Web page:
A New Vow for Parenting…


Then Jephthah came to his home at Mizpah; and there was his daughter coming out to meet him with timbrels and with dancing. She was his only child; he had no son or daughter except her. 35 When he saw her, he tore his clothes, and said, Alas, my daughter! You have brought me very low; you have become the cause of great trouble to me. For I have opened my mouth to the LORD, and I cannot take back my vow.” (Judges 11:34-35, NRSV)

My daughter has a book entitled, “Naughty Parents”, it is a wonderful children’s book that flips the roles of children and parents. So in the book, parents are running and chasing after everything and dirtying their clothes. It is the parents who are eating ice cream and whining for more, more, MORE! The children are the responsible and respectable ones who are cleaning up the mischievous behavior of their parents. It is cute in that the text plays with our roles and behavior as parents and children. In reflecting on a deeper meaning (you know me the consummate thinker), I think about how we parent and how are children actually receive what we provide for them as parents. Said in another way, our children become, as adults, the products of our handiwork as parents. Obvious on the surface, but still very scary when you really meditate on it

 

 The work of parenting is one of the few things in life that training should be absolutely mandatory! Unfortunately it is not necessary. Learning the ways of parenting, all of its responsibilities, and its challenges and pitfalls would make for great reading and for a great resource text. In fact, many authors have tried to write texts that provide that very kind of instruction. Whether they are medical doctors, psychologists or just ordinary parents with unique experiences, these authors attempt to convey expertise about a subject in which the diversity of style, nature of children and experience of life play such a pivotal role. However, this is not as easy as it sounds.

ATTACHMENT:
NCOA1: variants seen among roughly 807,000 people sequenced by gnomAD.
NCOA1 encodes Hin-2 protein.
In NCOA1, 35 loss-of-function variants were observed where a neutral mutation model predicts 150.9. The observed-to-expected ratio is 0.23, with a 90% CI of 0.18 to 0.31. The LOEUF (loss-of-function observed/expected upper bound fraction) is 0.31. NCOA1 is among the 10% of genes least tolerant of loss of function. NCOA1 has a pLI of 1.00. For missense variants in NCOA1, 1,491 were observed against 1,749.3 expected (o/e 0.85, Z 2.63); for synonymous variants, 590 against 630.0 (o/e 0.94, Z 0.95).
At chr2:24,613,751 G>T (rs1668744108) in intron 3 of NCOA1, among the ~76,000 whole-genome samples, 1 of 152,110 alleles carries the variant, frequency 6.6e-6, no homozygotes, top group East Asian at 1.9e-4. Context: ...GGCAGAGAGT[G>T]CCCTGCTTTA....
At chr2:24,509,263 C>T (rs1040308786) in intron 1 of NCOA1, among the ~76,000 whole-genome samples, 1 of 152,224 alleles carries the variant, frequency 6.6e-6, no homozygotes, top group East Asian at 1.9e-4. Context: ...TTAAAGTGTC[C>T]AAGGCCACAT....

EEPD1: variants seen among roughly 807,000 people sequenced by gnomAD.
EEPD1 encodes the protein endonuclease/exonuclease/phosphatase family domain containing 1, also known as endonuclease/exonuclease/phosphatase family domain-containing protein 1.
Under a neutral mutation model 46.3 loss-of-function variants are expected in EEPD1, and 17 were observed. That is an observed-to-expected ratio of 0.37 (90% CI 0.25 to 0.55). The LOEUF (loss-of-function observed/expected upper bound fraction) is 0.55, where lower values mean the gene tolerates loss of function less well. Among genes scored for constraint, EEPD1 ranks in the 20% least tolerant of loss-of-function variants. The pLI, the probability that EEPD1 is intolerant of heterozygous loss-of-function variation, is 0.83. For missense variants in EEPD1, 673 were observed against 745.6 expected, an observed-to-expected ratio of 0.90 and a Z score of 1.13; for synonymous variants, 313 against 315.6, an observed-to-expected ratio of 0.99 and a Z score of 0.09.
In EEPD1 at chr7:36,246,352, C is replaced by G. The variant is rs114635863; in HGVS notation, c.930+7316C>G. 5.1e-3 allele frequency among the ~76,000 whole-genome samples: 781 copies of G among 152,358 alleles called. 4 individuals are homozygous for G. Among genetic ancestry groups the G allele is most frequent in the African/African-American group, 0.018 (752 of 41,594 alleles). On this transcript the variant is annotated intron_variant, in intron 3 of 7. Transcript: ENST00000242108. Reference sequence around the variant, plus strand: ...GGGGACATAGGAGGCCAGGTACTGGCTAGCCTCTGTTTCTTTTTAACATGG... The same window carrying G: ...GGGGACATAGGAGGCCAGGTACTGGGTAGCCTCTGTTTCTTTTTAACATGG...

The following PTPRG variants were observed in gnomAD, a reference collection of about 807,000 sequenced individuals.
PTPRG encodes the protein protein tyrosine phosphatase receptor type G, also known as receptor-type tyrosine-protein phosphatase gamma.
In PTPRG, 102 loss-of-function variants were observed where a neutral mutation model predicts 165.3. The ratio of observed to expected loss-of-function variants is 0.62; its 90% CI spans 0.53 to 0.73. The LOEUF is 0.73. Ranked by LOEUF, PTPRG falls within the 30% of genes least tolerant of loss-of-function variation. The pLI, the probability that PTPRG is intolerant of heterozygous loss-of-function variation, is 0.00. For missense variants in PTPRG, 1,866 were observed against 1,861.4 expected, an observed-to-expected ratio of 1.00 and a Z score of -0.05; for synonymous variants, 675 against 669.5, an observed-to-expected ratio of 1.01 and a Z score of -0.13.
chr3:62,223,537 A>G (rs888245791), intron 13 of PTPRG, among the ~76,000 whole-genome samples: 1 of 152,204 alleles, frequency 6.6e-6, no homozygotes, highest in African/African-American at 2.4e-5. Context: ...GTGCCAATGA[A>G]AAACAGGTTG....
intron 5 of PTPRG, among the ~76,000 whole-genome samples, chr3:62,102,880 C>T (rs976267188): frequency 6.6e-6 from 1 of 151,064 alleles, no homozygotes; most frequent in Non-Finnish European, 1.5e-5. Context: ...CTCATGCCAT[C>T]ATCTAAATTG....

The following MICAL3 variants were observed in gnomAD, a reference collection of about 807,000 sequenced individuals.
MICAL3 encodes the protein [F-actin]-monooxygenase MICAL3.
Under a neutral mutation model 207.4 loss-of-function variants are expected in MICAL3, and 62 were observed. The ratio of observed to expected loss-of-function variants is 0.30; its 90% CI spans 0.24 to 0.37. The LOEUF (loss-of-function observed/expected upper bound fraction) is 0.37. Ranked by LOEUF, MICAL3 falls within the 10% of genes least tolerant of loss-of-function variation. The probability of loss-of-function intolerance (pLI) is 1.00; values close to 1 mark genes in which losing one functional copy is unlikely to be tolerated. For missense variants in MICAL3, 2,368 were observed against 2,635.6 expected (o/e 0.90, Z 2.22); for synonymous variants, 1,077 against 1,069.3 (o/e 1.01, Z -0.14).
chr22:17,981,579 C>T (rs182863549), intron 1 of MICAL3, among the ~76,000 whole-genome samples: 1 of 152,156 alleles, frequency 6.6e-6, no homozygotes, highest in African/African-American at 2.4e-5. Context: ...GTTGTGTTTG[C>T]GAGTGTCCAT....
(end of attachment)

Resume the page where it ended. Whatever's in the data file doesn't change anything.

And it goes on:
Writing a manual on parenting is like writing a guide to eating food. You can do it, but depending on my tastes, likes, experiences and values, I may agree or disagree with your conclusions. The fundamental truth about parenting is that we all parent from the place of our childhood experience. Whether good or bad, our skills are learned and shaped as parents in reaction to what we lived through (and with) as children. Experiencing violence as children may mean inflicting violence as parents. It could also lead to vows of non-violence when parenting because of a disturbing childhood. Children that have no boundaries may continue in a likewise fashion when they are adults, or they could choose to enforce greater structure because of what they think they lacked as children.